PORTSMOUTH, Va. (WAVY) — The Virginia Beach School Board will likely have a long night ahead of them Tuesday.
Members from the city’s Latino community have signed up to speak in reference to Vicky Manning’s controversial Facebook post, with some addressing the board in their native Spanish.
“Our concern is the children, the students, the ESL students. In reality, all students in the Virginia Beach school system. I think, I have heard that many of them are fearful and feel afraid of even sharing their sentiments. As adults, it behooves us to be protective of our kids,” said Beatriz Amberman.
Amberman serves on the Virginia Beach Human Rights Commission and the Virginia Coalition of Latino Organizations and is slated to address Beach board members. Amberman told 10 On Your Side she’s deeply concerned over Manning’s remarks and lack of apology.
“She should reconsider her profession and the people that she wants to serve. Public leaders should serve to bring communities together to work towards common goals. A person that divides communities I question whether they know that they are serving a public that is very diverse,” Amberman stated.
10 On Your Side learned from a district spokesperson that at least 50 people have signed up to speak during the school board meeting.
On Monday, the Virginia Coalition for Immigrant Rights sent a letter to the Virginia Beach School Board regarding Manning’s social media post.
In the letter, Executive Director Monica Sarmiento condemned Manning’s post stating that the comments were derogatory against Spanish-speaking children.
“Her direct attack on ESL students is an attack on the accessibility of the American dream and directly opposes what an educational institution stands for,” said Sarmiento.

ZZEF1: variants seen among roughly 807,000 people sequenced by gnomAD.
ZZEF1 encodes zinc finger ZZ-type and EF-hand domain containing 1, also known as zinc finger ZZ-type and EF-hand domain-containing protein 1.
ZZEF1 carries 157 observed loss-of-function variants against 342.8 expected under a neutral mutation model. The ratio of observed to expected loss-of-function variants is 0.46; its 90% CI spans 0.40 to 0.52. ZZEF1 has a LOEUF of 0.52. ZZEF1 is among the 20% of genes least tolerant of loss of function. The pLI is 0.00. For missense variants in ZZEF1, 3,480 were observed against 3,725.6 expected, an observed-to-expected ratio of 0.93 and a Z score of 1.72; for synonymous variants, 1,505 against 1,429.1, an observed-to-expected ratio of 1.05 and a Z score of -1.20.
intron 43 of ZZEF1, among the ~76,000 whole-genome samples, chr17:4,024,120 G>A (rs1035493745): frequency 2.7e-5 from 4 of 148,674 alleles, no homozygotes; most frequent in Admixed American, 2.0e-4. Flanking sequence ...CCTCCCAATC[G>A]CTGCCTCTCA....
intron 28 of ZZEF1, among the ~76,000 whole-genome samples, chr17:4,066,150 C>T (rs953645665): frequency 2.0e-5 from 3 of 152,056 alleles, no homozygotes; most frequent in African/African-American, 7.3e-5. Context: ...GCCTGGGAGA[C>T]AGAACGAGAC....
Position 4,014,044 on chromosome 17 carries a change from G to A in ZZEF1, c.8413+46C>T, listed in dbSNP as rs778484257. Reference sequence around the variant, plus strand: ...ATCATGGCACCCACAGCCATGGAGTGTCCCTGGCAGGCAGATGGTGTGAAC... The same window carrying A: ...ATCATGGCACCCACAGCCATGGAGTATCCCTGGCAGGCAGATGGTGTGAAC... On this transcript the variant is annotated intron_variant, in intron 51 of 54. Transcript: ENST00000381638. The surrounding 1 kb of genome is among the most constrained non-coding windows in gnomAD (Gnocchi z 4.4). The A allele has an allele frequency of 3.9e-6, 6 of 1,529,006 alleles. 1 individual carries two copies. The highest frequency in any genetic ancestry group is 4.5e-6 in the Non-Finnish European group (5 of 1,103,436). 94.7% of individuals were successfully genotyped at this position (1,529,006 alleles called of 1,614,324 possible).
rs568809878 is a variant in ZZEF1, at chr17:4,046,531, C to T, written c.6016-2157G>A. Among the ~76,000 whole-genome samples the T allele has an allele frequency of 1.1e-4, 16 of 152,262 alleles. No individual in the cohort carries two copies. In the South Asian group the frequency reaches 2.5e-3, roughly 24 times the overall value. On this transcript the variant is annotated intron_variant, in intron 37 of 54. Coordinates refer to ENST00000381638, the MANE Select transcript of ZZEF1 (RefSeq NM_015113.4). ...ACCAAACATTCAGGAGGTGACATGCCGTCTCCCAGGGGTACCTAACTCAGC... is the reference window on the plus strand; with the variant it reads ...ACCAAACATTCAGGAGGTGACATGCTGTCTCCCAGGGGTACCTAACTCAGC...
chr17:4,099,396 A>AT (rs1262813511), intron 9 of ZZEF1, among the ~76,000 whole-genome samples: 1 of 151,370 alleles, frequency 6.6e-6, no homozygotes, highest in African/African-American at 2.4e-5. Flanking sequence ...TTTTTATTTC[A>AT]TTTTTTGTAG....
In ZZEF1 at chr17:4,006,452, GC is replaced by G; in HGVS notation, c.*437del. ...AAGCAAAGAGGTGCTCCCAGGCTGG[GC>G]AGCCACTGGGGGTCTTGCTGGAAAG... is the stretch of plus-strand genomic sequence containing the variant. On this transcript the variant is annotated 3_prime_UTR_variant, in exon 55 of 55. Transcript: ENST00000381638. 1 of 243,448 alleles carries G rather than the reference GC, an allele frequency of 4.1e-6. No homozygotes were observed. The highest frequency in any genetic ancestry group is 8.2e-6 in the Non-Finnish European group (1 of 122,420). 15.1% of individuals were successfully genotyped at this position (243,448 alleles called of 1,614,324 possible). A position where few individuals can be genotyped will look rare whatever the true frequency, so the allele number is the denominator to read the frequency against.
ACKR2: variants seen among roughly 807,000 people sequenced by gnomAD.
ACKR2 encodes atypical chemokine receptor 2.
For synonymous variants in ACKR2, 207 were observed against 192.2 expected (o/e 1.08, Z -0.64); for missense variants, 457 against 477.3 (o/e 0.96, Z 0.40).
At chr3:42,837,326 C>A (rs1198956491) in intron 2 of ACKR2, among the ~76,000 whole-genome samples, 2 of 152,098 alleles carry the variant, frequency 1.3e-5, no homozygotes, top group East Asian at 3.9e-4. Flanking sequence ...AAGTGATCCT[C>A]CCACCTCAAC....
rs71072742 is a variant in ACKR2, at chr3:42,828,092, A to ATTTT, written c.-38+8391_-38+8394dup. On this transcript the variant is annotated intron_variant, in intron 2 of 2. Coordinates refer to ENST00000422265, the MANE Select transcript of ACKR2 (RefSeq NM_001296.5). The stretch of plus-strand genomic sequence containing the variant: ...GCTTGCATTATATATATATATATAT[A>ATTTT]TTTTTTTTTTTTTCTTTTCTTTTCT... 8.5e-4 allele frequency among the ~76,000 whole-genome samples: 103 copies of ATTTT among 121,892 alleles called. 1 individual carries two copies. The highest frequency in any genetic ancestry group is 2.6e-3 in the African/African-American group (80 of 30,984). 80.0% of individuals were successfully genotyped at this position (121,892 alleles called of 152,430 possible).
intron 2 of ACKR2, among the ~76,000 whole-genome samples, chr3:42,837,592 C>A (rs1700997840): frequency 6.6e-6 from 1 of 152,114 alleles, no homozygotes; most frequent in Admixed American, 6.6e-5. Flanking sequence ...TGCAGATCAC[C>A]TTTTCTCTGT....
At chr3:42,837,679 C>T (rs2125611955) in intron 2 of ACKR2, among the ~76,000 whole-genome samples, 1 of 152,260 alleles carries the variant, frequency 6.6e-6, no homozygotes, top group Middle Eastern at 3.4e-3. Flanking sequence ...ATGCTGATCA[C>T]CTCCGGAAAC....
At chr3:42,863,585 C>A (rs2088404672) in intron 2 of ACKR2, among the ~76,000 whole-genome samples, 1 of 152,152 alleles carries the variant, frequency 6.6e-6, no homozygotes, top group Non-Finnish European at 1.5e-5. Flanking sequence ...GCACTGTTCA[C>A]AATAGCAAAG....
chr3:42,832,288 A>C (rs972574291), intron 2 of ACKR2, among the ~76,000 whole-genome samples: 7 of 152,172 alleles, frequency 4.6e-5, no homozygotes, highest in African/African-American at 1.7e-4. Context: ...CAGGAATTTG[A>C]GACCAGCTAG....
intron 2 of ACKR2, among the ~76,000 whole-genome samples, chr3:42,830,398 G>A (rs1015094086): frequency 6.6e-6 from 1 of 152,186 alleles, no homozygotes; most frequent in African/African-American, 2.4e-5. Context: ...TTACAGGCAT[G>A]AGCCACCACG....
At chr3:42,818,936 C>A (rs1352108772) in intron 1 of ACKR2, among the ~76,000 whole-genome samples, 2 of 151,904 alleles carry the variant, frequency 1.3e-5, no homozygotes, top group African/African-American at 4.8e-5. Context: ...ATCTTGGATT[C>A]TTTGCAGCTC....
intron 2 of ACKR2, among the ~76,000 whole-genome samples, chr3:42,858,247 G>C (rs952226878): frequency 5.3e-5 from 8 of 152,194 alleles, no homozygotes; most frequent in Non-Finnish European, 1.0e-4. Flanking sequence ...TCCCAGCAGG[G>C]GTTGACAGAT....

The letter claims that Manning’s post “amplifies a racist tone against Spanish speakers and encourages hateful rhetoric geared toward Spanish speakers.”
At the end of the letter, Sarmiento urged the school board to take “swift action” against Manning.
“The disparagement of ESL students cannot be tolerated if we are ever to create a safe environment for all children.”
Earlier this month, the office of Chief of the Consular Section of Mexico to D.C., Rafael Laveaga, sent a letter to Virginia Beach Superintendent Dr. Aaron Spence backing up the success and benefits of English as a Second Language to the Mexican community in the area.
In the letter, Laveaga highlighted the contribution of the Mexican community to Virginia due to the ever-growing commercial and cultural exchange between the two. In 2021 along, the trade between Mexico and Virginia was worth $3.2 billion and supported 135,000 jobs according to Laveaga.
Near the end of the letter, Laveaga noted the importance of bilingualism and took the opportunity to highlight the office’s annual donation of Spanish textbooks to elementary schools.
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